Search

Footpath pledge despite cuts in maintenance cash

PUBLISHED: 06:30 10 October 2011

Council bosses have pledged they will ensure public rights of way are enforced.

Council bosses have pledged they will ensure public rights of way are enforced.

Council bosses have pledged to get tough on landowners who do not keep public rights of way open, even though the authority is slashing its own spending on maintaining the footpaths.

As part of its package of cuts agreed after the Big Conversation consultation, Norfolk County Council has already agreed to cut spending on the 2,355 mile local rights-of-way network to save £578,000.

The council currently has a path-clearing programme, but that will stop completely by the end of this financial year.

Instead walkers will be asked to act as the council’s ‘eyes and ears’ to spot problems, with parish and town councils urged to help keep rights of way clear.

The council says, for instance, if a fallen branch blocks a footpath, a parish council would have the local knowledge to report that to the landowner responsible, with County Hall taking enforcement action if the landowner does not sort out the issue.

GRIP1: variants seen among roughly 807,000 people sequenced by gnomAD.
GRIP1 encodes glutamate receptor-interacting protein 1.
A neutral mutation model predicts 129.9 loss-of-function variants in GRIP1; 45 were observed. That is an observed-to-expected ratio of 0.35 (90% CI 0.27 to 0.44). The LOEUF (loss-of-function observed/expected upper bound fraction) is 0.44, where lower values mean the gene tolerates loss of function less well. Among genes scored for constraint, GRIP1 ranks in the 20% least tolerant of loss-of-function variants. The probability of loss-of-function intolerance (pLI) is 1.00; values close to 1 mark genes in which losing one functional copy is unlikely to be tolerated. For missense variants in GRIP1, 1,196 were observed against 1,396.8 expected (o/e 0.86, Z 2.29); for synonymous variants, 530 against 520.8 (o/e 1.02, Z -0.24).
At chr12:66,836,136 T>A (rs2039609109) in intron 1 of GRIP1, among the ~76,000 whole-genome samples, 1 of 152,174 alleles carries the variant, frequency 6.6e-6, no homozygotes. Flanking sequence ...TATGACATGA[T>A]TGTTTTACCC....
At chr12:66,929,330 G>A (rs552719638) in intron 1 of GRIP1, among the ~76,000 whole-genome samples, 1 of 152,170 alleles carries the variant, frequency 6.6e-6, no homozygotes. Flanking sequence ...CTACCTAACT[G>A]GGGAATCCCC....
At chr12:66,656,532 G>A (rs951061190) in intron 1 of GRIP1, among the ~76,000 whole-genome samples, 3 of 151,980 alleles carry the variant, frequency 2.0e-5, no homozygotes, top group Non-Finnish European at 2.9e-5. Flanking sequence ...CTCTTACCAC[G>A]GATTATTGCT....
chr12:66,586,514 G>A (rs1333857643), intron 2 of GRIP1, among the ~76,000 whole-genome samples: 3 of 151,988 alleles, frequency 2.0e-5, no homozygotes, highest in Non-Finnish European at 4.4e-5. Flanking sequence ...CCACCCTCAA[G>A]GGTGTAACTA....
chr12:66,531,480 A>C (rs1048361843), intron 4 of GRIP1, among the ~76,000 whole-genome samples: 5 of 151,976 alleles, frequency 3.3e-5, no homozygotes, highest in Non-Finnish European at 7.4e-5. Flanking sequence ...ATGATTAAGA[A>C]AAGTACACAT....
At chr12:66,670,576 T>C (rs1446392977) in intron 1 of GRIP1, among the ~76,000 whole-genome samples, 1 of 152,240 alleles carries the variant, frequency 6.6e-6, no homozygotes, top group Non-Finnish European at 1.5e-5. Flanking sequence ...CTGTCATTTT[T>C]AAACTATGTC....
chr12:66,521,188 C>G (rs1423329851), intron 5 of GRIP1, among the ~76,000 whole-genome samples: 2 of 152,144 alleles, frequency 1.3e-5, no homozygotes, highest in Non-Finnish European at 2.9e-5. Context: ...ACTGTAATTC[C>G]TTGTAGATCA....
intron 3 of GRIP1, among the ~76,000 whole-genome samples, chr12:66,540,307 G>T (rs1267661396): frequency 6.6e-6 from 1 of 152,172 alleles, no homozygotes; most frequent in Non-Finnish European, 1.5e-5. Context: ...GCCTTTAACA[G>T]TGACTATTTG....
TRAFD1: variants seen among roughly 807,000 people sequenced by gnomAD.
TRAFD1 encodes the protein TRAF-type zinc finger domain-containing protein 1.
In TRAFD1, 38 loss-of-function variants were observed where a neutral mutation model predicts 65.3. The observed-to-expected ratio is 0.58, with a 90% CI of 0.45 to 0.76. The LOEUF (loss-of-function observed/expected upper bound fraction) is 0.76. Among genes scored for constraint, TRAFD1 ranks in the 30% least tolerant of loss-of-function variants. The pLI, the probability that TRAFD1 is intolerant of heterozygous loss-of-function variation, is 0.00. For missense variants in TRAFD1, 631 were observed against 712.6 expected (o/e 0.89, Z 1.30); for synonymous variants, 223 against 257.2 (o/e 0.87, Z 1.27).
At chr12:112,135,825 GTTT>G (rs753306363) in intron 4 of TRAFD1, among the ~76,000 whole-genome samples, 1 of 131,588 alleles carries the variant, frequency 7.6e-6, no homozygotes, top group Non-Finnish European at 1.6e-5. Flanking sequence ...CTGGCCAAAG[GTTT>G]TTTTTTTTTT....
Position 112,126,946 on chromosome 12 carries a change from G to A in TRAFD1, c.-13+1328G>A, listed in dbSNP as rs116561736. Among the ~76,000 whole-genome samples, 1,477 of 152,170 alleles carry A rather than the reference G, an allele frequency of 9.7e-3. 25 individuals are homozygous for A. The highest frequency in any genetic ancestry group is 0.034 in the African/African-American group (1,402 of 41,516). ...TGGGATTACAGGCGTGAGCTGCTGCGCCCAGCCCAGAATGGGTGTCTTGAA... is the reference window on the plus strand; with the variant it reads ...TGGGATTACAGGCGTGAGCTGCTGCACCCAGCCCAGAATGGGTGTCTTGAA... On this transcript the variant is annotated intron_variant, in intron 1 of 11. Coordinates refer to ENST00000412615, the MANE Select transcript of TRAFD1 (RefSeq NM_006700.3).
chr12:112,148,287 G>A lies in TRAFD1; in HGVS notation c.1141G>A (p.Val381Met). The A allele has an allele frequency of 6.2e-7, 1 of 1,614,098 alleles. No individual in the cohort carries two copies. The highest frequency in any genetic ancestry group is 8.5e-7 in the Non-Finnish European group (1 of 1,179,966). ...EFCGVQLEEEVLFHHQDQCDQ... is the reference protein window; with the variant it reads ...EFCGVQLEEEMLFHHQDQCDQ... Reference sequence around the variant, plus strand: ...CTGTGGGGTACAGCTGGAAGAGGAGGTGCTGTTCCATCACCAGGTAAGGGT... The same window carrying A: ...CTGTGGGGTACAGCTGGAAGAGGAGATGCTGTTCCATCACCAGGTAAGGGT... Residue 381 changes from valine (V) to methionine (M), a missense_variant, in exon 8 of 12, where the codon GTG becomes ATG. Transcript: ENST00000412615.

But the authority also hopes volunteers will help cut back vegetation on footpaths.

Bill Borrett, cabinet member for environment and waste said: “The county council is committed to meeting its duty to maintain all public rights of way in Norfolk, as defined and required by law. To do this we will be working even more closely with landowners and managers, local councils and voluntary groups.

“We will, as now, use our enforcement powers when necessary and under our new system, enforcement action should happen much more quickly.

“Previously, the county council’s approach relied on goodwill and cooperation. This had some success, but often involved delays. This will be a quicker, more responsive, more effective and more efficient arrangement.”

The cuts have concerned the Norfolk Ramblers’ group, while Liberal Democrat and Green councillors at County Hall have criticised the move.

The new enforcement regime will be discussed at a cabinet meeting today, where plans to develop the 400 miles of Norfolk’s 12 long distance paths, modelling them on the National Trails, will also be discussed.

dan.grimmer@archant.co.uk

Comments have been disabled on this article.

Most Read

Newsletter Sign Up

Sign up to the following newsletters:

Sign up to receive our regular email newsletter

Latest from the EDP

Show Job Lists

Partly Cloudy

Partly Cloudy

max temp: 21°C

min temp: 13°C

Listen to the latest weather forecast